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Eur J Endocrinol. 2012 Sep;167(3):409-16. doi: 10.1530/EJE-12-0369. Epub 2012 Jul 9.

Diabetes, metformin use, and colon cancer: a population-based cohort study in Taiwan.

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Department of Internal Medicine, National Taiwan University College of Medicine, Taipei, Taiwan.



A retrospective cohort study, using a population-based reimbursement database, was conducted for investigating the relationship between diabetes and colon cancer and assessing whether metformin had a protective effect.


Overall, 493,704 men and 502,139 women, covered by the National Health Insurance, without colon cancer were followed from 2003 to 2005. Cox regression evaluated the adjusted relative risk (RR), considering confounders and detection examinations.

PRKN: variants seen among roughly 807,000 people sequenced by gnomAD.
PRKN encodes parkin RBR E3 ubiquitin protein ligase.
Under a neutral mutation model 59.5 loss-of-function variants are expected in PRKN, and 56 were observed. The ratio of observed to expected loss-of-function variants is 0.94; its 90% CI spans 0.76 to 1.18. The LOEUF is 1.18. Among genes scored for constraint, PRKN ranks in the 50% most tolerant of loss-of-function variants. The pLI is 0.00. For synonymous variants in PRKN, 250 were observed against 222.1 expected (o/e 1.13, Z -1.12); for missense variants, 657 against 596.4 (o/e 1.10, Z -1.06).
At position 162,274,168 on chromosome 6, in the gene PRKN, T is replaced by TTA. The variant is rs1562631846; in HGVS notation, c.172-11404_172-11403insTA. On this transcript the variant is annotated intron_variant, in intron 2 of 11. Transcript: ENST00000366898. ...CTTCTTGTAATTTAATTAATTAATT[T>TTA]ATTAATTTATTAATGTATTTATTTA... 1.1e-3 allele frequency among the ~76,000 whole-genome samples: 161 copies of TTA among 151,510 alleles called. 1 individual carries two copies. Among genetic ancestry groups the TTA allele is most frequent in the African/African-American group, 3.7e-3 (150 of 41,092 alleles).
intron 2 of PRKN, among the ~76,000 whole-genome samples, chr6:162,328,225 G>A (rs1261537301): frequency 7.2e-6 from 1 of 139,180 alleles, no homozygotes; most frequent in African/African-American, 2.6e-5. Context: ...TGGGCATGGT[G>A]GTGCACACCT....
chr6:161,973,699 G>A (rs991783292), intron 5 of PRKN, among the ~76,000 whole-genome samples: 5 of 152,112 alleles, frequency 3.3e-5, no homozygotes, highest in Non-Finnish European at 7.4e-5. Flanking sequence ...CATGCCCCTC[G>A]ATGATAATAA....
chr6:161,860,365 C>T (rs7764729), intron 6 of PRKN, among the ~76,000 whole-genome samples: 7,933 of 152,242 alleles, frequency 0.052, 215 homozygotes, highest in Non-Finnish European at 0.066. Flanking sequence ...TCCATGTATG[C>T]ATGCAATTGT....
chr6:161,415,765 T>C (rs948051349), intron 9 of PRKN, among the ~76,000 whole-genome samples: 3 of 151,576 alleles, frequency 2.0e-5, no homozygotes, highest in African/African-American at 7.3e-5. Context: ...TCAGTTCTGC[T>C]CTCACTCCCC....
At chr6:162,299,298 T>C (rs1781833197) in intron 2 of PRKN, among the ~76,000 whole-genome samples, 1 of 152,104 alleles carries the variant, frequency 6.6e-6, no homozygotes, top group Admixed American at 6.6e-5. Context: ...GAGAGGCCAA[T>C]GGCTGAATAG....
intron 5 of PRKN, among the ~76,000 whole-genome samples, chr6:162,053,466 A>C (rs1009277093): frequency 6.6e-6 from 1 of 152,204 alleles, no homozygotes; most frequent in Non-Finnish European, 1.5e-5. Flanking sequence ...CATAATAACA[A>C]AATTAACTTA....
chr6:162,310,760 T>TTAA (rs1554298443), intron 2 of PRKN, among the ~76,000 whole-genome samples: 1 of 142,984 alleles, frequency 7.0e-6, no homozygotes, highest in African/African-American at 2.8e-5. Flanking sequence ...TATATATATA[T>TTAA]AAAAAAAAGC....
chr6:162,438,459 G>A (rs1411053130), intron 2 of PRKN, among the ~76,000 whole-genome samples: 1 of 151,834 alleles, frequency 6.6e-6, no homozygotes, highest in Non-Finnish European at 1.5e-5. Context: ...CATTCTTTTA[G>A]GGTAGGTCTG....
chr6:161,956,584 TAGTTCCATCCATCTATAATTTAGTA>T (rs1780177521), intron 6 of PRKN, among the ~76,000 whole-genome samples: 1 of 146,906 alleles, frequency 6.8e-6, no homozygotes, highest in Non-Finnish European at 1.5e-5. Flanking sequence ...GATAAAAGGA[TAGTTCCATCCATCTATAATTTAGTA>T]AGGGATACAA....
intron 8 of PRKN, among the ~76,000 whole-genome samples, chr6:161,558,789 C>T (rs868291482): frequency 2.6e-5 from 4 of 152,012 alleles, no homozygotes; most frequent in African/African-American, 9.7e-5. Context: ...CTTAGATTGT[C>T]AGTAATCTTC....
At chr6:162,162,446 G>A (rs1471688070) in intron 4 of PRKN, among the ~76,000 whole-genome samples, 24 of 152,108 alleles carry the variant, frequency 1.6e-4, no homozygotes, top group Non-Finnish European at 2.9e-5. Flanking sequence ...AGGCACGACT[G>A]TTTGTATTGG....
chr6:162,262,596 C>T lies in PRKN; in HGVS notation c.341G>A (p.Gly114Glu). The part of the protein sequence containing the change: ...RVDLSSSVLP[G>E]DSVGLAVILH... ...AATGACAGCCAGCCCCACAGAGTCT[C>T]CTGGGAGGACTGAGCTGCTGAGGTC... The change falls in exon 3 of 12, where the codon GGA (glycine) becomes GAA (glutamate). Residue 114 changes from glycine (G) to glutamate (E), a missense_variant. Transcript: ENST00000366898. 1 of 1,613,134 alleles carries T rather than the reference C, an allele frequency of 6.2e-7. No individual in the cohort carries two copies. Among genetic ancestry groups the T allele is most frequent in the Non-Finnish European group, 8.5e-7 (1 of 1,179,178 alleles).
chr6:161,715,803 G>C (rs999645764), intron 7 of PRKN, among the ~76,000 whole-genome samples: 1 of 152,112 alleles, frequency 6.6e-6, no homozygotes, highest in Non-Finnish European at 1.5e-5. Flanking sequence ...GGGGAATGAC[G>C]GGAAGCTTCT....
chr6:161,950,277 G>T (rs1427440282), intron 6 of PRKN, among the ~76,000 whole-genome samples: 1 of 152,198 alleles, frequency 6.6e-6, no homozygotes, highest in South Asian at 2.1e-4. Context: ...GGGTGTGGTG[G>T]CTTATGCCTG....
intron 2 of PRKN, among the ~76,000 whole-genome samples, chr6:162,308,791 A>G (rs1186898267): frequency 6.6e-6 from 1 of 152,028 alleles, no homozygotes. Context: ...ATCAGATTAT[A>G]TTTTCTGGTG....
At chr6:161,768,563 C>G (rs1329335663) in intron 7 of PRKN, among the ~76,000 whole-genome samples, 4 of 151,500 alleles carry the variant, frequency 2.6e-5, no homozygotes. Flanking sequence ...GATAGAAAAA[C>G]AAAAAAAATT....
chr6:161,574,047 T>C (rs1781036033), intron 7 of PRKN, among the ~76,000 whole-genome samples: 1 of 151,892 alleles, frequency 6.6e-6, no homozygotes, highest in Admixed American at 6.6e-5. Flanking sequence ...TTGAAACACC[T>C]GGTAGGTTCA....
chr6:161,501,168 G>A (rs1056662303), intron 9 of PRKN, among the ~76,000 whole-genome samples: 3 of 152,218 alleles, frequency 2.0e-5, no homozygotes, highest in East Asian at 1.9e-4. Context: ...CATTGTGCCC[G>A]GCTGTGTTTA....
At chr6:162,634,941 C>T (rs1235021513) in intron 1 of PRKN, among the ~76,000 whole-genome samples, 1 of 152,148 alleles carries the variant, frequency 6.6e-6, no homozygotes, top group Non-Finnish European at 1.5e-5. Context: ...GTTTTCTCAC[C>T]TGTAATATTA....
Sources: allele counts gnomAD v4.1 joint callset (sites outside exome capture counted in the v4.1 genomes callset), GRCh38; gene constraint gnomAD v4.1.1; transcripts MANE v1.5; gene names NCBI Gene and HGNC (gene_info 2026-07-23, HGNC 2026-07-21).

Even though diabetes patients had a significantly higher probability of receiving examinations that could lead to the detection of colon cancer, they had a significantly higher risk (24%) of this cancer after adjustment. Metformin users had a significantly lower risk (27%) of colon cancer. While comparing patients with diabetes for <1, 1-3, and ≥ 3 years to nondiabetes individuals, the adjusted RR (95% confidence interval) was 1.308 (1.020-1.679), 1.087 (0.900-1.313), and 1.185 (1.055-1.330) respectively. The higher risk among those with diabetes for <1 year suggested a possible reverse causality or a link with prediabetes. However, diabetes still might play some role in the development of colon cancer in those with diabetes for ≥ 3 years. The duration of metformin use showed an inverse trend, with a significant RR of 0.643 (0.490-0.845) in users for ≥ 3 years, when compared with nonusers. In addition, metformin may reduce colon cancer risk associated with chronic obstructive pulmonary disease (a surrogate for smoking).


Following adjustment for potential detection bias and other covariates, diabetes remains a significant risk factor for colon cancer. Metformin may protect against colon cancer.

[Indexed for MEDLINE]

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